East Timor Protest Shows Clinton Can't Easily Sideline Human Rights

By , Staff writer of The Christian Science Monitor

EVEN as the United States government becomes increasingly reluctant to make public statements about human rights abuses in other countries, 29 East Timorese students are calling on Washington to intercede with Indonesia on their behalf.

The students have sat in a parking lot of the US Embassy here ever since they clambered over a spiked metal fence during a small demonstration on Saturday. Demanding the opportunity to raise their concerns with President Clinton or Secretary of State Warren Christopher, the students have refused to leave and remain under the gaze of Indonesian police and journalists gathered outside the Embassy gate.

Yesterday morning thousands of activists rioted in Dili, the capital of East Timor, and clashed with police, press reports said.

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These events are precisely what Indonesian President Gen. Suharto hoped to avoid this week. He is hosting the second summit meeting of the Asia Pacific Economic Cooperation forum, which convenes tomorrow.

APEC, which includes the US, Japan, China, Indonesia, and 14 other countries in the region, is an expressly economic organization in which any talk of politics or human rights is off-limits.

Although human rights groups have criticized the Indonesian government for its curbs on labor unions and the press, the most sensitive topic here is East Timor. In 1975, Indonesia invaded the former Portuguese colony and then annexed it. The Indonesians have stifled Timorese calls for independence ever since.

Mr. Suharto, who has ruled the country since 1966, said this month he would meet with exiled Timorese, but ruled out any discussion of a change in status for the territory. He has not commented on the Embassy action, but Foreign Minister Ali Alatas said the protest was designed to embarrass the government.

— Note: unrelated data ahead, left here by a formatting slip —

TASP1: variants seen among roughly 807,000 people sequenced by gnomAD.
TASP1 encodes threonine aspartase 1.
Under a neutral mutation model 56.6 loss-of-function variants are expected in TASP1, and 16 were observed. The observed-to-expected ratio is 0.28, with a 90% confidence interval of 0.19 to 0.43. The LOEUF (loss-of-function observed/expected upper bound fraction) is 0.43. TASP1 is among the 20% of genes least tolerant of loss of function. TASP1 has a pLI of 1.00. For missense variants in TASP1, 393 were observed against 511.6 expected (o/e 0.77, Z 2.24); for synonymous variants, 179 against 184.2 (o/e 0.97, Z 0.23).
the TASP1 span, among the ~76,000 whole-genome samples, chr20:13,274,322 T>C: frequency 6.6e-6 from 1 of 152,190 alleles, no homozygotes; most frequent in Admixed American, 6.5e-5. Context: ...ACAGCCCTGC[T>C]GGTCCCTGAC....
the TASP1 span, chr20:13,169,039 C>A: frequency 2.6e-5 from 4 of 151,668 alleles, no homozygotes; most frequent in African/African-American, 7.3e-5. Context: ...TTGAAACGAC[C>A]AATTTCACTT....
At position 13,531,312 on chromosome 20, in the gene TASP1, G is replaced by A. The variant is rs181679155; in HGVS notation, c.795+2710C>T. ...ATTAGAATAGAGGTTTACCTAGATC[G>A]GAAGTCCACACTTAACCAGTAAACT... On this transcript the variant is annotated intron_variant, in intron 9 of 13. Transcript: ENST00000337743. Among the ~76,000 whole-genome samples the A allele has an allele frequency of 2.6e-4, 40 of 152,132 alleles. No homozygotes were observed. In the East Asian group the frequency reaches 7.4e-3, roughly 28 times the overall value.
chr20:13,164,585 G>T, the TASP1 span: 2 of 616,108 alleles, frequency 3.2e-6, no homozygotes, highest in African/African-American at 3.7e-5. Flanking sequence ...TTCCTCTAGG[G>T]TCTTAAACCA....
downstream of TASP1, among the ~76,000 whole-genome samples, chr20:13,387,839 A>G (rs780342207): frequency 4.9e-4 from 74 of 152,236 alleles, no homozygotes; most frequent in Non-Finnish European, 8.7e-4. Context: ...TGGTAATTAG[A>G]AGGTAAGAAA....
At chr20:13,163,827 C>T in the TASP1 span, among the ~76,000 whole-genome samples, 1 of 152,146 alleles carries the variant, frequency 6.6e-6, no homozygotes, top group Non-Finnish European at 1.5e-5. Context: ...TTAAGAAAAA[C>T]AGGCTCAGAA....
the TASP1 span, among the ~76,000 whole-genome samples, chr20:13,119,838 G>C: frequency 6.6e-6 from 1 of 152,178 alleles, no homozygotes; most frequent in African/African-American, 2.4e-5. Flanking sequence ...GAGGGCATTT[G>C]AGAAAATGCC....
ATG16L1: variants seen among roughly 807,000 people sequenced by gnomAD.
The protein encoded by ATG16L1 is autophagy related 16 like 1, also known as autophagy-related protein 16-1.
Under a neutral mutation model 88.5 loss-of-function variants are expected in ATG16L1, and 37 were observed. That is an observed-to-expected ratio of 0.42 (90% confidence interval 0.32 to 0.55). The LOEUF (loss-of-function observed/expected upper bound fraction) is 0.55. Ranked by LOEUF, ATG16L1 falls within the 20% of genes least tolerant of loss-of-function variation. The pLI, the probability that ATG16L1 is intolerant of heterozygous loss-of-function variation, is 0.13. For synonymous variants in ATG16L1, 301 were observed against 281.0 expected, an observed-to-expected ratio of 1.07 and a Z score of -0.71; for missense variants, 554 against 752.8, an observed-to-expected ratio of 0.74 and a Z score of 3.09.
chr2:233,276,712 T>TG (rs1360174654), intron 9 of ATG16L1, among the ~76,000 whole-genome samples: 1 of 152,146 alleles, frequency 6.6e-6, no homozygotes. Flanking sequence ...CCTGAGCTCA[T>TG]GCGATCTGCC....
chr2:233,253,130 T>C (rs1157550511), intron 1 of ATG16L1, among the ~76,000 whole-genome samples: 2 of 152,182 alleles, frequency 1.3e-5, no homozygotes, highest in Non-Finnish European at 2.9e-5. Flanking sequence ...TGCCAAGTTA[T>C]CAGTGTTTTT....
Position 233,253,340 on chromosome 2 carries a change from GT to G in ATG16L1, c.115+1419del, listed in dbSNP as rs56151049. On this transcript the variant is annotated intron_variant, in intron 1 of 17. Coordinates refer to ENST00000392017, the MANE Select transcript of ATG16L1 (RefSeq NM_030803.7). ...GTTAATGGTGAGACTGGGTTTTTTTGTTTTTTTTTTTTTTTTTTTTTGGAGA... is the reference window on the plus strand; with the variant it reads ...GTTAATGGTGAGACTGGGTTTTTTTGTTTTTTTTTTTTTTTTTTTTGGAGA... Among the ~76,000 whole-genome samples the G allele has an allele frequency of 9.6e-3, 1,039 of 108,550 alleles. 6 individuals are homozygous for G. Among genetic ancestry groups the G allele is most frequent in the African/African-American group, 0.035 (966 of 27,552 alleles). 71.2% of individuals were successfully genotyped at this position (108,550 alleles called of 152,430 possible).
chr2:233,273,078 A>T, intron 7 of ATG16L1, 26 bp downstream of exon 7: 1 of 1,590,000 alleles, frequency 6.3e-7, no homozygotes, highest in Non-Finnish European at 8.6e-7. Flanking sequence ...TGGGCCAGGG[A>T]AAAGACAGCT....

TAKING advantage of the summit's publicity glare, Timorese activists are forcing their way onto the agenda on the anniversary of the November 1991 massacre of Timorese protesters by the Army in Dili. An official investigation put the death toll at 50 but independent accounts say approximately 200 people were killed.

The weekend's protests put Mr. Clinton on the spot just as his administration is trying to take a more subtle approach to the promotion of human rights.

Secretary of Commerce Ron Brown, in Jakarta in advance of the summit, said yesterday that the US had decided not to pursue ``a `feel-good' strategy where you ... make a lot of bellicose public comments and achieve no results.'' Instead, the US would seek ``commercial engagement'' with countries such as China and Indonesia, boosting trade and economic ties while raising human rights and political concerns on the side. ``We are going to continue pressing human rights issues....'' Mr. Brown added.

In the case of China, the US recently abandoned a policy of linking human rights with an annual review of trade privileges.

The new US approach is similarly consonant with the operating style of the APEC forum, in which member countries make decisions by consensus and eschew any embarrassing public comments about each other's policies and practices.

But Sydney Jones, executive director of the US-based organization Human Rights Watch/Asia, says a quieter US posture on human rights is not a question of sensitivity to Asian values. ``It's a question of guts,'' asserts Ms. Jones. Of the Clinton administration, she adds, there is ``clearly a desire to keep economic issues paramount and not let rights concerns overshadow the very real economic impact at APEC.''

Her organization issued a report today charging that ``commercial diplomacy'' - an administration catch phrase - in the Asia-Pacific region has sidelined rights concerns. The group says that in the case of China, the administration has not implemented an effective policy since it uncoupled human rights and trade privileges, although Mr. Brown argues that the Chinese have resumed talking to the US about the issue.

Jones, who has researched human rights violations in Indonesia, rejects the Indonesian government's promise, conveyed to US diplomats, that the students in the Embassy compound would not be harmed or arrested if they were to stop their protest.

As of yesterday evening, the students had not yet asked for food, an embassy spokeswoman said, raising the possibility that they will conduct a hunger strike.

The students ``are taking a tremendous personal risk,'' she asserts. ``What's likely to happen is that they will be treated leniently until everybody goes home from APEC.''

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